Free-Range Parenting: Exposure to wild places is critical for your child’s health.
That we live in the kinds of neighbourhoods that make unstructured play difficult is just part of modern life, but it’s a critical loss that must be made up some way if we want to turn out healthy kids. For those of you that want to read more about this subject, take a look at “Last Child in the Woods: Saving Our Children From Nature Deficit Disorder” by Richard Louv. Mr. Louv argues that exposure to dirt in nature is necessary for both the physical and emotional health of children and adults, and I believe he’s absolutely right.
As parents, we worry about all the little things that might affect our children. We get upset when our children are in any way threatened by a playmate or a tough teacher, but the biggest threat to our children lies in aspects of life that may rarely cross our consciousness. Our choice of house or neighbourhood appears to be limited to adult concerns. “Is there enough room to play inside?” may feature, but the larger questions are often completely missed because we’re so wrapped up in appliance lust or counter envy. In my current neighbourhood, they are building infills, which are great inside but have absolutely no yard at all because the name of the game is profit at all costs, and that means squeezing as much house onto the lot as possible.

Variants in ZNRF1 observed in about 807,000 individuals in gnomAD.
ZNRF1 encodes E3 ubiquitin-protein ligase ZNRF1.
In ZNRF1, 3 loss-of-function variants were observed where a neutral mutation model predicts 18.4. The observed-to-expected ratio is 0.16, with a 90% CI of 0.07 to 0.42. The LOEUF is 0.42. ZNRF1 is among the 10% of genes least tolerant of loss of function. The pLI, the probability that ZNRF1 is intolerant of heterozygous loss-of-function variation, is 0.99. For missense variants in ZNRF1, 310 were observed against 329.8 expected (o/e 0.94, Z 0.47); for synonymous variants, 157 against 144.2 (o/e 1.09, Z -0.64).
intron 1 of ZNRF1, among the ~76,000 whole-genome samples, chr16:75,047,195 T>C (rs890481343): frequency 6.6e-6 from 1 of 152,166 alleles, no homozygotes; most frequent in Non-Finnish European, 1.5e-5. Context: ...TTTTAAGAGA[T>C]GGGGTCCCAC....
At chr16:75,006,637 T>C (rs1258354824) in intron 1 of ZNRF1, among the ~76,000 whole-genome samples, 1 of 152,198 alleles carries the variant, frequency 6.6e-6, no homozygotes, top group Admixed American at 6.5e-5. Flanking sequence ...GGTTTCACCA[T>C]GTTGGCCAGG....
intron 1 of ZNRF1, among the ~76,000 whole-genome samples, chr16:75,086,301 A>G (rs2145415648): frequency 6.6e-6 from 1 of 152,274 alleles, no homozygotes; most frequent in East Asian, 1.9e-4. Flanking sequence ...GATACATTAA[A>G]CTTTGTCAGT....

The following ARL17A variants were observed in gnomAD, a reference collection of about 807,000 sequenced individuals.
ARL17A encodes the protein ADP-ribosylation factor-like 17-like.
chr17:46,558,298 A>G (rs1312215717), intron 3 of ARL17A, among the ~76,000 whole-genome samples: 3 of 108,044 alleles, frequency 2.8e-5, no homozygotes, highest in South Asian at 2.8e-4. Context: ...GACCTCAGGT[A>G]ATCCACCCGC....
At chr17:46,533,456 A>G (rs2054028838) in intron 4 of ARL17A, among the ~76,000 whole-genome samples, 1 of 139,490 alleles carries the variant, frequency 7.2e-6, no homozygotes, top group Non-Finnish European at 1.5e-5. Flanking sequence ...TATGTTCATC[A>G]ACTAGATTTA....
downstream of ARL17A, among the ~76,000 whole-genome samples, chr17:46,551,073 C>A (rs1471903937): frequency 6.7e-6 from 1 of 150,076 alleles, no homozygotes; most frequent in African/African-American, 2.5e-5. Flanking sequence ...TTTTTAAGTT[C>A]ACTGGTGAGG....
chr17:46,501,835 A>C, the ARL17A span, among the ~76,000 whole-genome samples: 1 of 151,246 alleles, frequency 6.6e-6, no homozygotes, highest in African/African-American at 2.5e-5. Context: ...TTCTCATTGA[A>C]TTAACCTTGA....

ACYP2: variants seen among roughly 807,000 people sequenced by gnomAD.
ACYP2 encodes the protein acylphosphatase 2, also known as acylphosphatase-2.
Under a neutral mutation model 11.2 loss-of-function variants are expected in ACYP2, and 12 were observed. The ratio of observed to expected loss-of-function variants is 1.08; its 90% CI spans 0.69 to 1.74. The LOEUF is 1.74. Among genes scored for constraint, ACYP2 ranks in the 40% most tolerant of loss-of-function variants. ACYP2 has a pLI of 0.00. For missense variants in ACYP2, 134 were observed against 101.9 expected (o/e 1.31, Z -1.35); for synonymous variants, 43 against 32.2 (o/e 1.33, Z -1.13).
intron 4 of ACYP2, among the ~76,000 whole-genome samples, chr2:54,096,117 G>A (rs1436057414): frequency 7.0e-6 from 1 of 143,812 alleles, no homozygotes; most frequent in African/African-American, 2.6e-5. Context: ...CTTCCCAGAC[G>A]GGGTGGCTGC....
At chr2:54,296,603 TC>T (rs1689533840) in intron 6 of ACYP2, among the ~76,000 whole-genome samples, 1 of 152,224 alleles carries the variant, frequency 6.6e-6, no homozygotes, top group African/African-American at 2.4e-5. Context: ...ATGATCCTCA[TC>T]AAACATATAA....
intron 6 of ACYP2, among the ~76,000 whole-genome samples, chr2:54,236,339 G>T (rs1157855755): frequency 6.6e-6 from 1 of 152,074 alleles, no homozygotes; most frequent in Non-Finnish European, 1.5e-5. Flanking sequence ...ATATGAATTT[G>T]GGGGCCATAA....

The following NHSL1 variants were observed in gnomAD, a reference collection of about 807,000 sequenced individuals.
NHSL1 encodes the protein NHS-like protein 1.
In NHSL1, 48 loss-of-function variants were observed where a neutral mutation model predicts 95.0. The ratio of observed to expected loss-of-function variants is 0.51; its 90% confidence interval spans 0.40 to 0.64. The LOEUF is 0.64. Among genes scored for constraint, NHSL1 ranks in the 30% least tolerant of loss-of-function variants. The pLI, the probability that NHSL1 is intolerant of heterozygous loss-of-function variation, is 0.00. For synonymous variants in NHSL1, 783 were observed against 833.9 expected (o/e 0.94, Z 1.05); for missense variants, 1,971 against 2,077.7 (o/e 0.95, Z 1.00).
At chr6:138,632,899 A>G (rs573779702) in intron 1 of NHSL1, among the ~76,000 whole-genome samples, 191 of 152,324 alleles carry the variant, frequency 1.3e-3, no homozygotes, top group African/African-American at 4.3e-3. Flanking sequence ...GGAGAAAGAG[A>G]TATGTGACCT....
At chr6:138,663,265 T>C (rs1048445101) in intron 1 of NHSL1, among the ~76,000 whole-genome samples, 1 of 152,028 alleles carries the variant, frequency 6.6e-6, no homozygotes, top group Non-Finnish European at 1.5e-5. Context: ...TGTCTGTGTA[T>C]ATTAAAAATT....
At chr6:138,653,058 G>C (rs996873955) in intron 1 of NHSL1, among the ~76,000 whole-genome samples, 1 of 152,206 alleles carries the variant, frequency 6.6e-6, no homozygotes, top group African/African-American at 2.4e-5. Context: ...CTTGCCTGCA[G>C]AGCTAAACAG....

Keep in mind the important stuff.
I recognize that not every family can have free-range parents. Many cannot afford to be in a position to enjoy a house that has access to nature. However, when we spend so much time buying our perfect house and worry about the furniture to fill it with or the colour of the trim or what kind of “landscaping package” we have, our need for proximity to wild places gets completely lost.
Our kids need wild places. They need to poke worms and get dirt under their fingernails. They need to climb trees and wriggle under fallen logs. They need the thrill that comes with really being in nature and being free. Going for a walk while being hovered over by mom and dad doesn’t cut it.
As mom and dad, you have to back off and let them discover things for themselves. Can you leave them in the mountains alone? No, of course not. You can, though, back off far enough that they feel alone and that they have time to explore without your obvious observation. For your part, try looking busy with something else. Remove your attention from the kids, and they will find their own way, literally. Be a free-range parent; you’ll be glad you did. Follow the link to parenting services to learn how I can assist you in making the most of your parenting for both you and your child.
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There’s no such thing as the “perfect” parent.
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Did you know Annie gave interviews on CTV for years. Here’s one behaviour tip on how parents should handle choice effectively.